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24 Cards in this Set

  • Front
  • Back
type of nerve cells that comprise the adrenal medulla
post-ganglionic sympathetic nerve cells
sources of cholesterol (2)
extracted from LDL-cholesterol (major)

de novo synthesis from acetate (minor)
______ enzyme is absent in the zone glomerulosa resulting in the inability to synthesize _____ and _____
17α-hydroxylase

cortisol

androgens
______ enzyme is absent in the zone fasciculata and zone reticularis resulting in the inability to synthesize _____
aldosterone synthase

aldosterone
21α-hydroxylase deficiency causes
decreased production of aldosterone and cortisol and increased synthesis of androgens (due to increased levels of ACTH)
characteristics of 21α-hydroxylase deficiency (5)

*net effect
lack of feedback inhibition to anterior pituitary (because of low aldosterone and cortisol)

increased ACTH production (due to lack of feedback inhibition to anterior pituitary)

stimulation of growth of adrenal gland = congenital hyperplasia (due to increased ACTH production)

stimulation of synthetic pathways for androgens (due to congenital hyperplasia)

ambiguous genitalia in females at birth (due to stimulation of adrogen synthesis)

net effect: salt-losing (no aldosterone), virilizing (increased androgens), congenital adrenal hyperplasia (increased ACTH)
cortisol transport in plasma (3)
90% bound to cortisol binding globulin (CBG)

7% bound to albumin

3% circulates "free"
cortisol's metabolic effects (5)
stimulates gluconeogenesis in the liver

enhances protein breakdown in skeletal muscle cells (making amino acids available for gluconeogensis)

stimulates lipolysis in adipose tissue of extremities (stimulates deposition centrally)

permits actions of catecholamines (e.g., vasoconstriction)

decreases osteoblastic activity in trabecular bone and interferes with Ca absorption from the gut (long-term cortisol use results in fragile bones)

*stress/fasting hormone*
cortisol's anti-inflammatory effects (4)
inhibits production of cytokines (e.g., interleukins, prostaglandins, leukotrienes)

inhibits production of chemoattractant molecules which bring leukocytes (e.g., neutrophils, macrophages) to the site of inflammation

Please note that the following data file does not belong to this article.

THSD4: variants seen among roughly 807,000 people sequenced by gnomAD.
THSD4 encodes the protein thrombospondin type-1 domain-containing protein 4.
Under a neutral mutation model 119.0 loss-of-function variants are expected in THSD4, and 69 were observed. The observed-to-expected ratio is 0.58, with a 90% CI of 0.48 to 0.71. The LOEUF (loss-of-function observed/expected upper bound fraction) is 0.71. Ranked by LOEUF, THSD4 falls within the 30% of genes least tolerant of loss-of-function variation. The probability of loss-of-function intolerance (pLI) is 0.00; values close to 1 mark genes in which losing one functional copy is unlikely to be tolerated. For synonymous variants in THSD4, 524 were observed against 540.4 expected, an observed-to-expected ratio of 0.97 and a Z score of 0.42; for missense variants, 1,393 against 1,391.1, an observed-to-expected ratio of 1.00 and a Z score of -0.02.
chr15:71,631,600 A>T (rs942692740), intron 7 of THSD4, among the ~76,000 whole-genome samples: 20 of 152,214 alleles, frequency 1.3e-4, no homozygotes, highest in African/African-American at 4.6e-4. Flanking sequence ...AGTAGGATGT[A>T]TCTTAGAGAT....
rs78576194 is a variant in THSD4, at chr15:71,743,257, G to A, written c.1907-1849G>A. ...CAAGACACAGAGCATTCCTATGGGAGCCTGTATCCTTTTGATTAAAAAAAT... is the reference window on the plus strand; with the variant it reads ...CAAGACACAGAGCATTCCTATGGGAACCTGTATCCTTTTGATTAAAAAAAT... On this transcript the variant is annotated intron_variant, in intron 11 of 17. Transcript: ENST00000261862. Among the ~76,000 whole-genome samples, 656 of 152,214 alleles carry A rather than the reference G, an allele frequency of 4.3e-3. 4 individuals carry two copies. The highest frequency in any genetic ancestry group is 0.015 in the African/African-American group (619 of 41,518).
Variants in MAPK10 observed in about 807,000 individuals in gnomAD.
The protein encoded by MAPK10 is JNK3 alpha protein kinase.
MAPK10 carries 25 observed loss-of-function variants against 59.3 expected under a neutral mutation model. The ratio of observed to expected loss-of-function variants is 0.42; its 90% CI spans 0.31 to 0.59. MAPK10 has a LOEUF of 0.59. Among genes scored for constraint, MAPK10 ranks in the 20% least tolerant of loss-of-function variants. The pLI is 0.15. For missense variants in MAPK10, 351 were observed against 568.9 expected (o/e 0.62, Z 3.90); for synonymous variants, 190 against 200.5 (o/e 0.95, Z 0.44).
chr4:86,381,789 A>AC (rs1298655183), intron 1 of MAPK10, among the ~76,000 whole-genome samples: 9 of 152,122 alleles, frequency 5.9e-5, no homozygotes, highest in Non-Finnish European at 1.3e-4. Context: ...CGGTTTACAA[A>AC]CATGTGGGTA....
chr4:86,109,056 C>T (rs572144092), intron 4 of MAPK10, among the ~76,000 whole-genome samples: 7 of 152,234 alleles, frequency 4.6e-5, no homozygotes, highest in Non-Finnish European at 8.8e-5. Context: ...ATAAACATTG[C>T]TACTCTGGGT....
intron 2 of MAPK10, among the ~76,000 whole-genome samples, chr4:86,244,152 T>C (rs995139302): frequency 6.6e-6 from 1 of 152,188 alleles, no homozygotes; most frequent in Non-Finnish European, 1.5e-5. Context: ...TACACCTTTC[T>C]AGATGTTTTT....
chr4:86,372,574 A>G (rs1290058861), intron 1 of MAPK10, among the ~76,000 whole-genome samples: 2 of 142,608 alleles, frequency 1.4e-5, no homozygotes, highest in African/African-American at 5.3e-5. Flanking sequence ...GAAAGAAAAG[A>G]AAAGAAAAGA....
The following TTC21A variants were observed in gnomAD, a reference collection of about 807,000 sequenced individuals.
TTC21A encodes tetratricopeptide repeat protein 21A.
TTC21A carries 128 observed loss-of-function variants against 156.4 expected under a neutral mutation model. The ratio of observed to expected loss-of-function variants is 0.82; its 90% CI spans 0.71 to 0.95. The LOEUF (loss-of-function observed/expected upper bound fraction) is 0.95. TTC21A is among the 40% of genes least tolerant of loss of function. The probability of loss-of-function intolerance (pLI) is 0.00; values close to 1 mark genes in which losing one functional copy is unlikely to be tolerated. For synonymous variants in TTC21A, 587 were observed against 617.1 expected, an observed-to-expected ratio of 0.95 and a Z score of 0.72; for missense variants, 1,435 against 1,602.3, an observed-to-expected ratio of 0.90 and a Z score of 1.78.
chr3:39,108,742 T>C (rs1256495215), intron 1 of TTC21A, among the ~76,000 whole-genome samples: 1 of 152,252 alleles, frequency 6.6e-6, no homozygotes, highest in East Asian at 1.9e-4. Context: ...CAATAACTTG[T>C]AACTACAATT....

stabilizes lysosomal membranes

contributes to vasoconstriction and decreased capillary permeability (decreased blood flow)
cortisol's immunosuppressive effect (2)
decreases lymphocyte proliferation

inhibits hypersensitivity reactions (allergic reactions) due to cell-mediated processes
cortisol levels are elevated during times of (2)
stress

fasting
targets of cortisol negative feedback (2)
anterior pituitary (major)
-inhibits release of ACTH

hypothalamus (minor)
-inhibits release of CRH
cortisol levels:

*highest at
*lowest at
*highest at 8 AM

*lowest at midnight
ACTH levels

*highest at
*lowest at
*highest at 8 AM

*lowest at midnight
aldosterone secretion is controlled by (3)
angiotensin II (secondary to decrease in effective circulating volume)

plasma [K] (aldosterone is low during times of hypokalemia)

ACTH (minor)
sex drive in females is maintained by
androgens (especially DHEA)
side effects of OTC DHEA (4)
virilization (in females)

cessation of menstrual periods

decreased HDL-cholesterol

stimulation of prostate cancer cells (maybe)
characteristics of hyperadrenal function (8)
change in body fat distribution
-moon face
-buffalo hump

skin thinning and fragility

osteopenia (high cortisol level - obsteoblastic activity inhibited)

increased frequency and severity of infections

muscle wasting and weakness

glucose intolerance (high cortisol level)

hypokalemia (high aldosterone level)

HTN (high aldosterone level)
characteristsics of hypoadrenal function (6)
decreased cardiac output and hypotension (due to absence of aldosterone)

inability to regulate blood glucose (due to absence of cortisol)

hyperpigmentation over extensor surfaces, mucous membranes, areolae and surgical scars (due to increased levels of ACTH)

anorexia and weight loss

nausea

diarrhea
ACTH stimulates synthesis of these Epi precursors (2)
dopa

NE
cortisol upregulates
PNMT enzyme

(converts NE to Epi)
catecholamines vs. cortisol

*rate of release
*half life
catecholamines:
*rate of release: rapidly (peptide hormones, stored in secretory granules)
*half life: short

cortisol:
*rate of release: slow (has to be synthesized from cholesterol)
*half life: long
catecholamines vs. cortisol

*profile during prolonged exercise
catecholamines:
-rise quickly and continue to increase for the duration of prolonged exercise

cortisol:
-rise slowly, peak after 30-45 minutes, and decrease along the duration of prolonged exercise
actions of growth hormone (2)
stimulates FFA mobilization in adipose tissue

stimulates gluconeogenesis in the liver